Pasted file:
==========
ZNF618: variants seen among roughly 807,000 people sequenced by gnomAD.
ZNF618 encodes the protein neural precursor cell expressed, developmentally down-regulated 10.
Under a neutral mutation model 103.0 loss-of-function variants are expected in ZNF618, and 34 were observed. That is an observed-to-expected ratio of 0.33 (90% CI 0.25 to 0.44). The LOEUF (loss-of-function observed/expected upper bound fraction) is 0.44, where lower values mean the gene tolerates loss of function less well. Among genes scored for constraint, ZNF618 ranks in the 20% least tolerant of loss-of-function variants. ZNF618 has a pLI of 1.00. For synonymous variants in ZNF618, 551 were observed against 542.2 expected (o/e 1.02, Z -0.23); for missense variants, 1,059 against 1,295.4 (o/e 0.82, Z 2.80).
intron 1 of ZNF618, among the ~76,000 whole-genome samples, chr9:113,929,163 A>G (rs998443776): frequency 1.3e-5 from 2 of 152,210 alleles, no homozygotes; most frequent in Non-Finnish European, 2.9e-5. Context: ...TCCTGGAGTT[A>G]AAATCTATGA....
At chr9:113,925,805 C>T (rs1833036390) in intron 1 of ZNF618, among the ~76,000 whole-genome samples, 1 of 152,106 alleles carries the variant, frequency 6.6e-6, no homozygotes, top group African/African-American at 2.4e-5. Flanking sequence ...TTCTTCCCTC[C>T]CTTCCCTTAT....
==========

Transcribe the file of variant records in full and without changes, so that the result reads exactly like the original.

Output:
ZNF618: variants seen among roughly 807,000 people sequenced by gnomAD.
ZNF618 encodes the protein neural precursor cell expressed, developmentally down-regulated 10.
Under a neutral mutation model 103.0 loss-of-function variants are expected in ZNF618, and 34 were observed. That is an observed-to-expected ratio of 0.33 (90% CI 0.25 to 0.44). The LOEUF (loss-of-function observed/expected upper bound fraction) is 0.44, where lower values mean the gene tolerates loss of function less well. Among genes scored for constraint, ZNF618 ranks in the 20% least tolerant of loss-of-function variants. ZNF618 has a pLI of 1.00. For synonymous variants in ZNF618, 551 were observed against 542.2 expected (o/e 1.02, Z -0.23); for missense variants, 1,059 against 1,295.4 (o/e 0.82, Z 2.80).
intron 1 of ZNF618, among the ~76,000 whole-genome samples, chr9:113,929,163 A>G (rs998443776): frequency 1.3e-5 from 2 of 152,210 alleles, no homozygotes; most frequent in Non-Finnish European, 2.9e-5. Context: ...TCCTGGAGTT[A>G]AAATCTATGA....
At chr9:113,925,805 C>T (rs1833036390) in intron 1 of ZNF618, among the ~76,000 whole-genome samples, 1 of 152,106 alleles carries the variant, frequency 6.6e-6, no homozygotes, top group African/African-American at 2.4e-5. Flanking sequence ...TTCTTCCCTC[C>T]CTTCCCTTAT....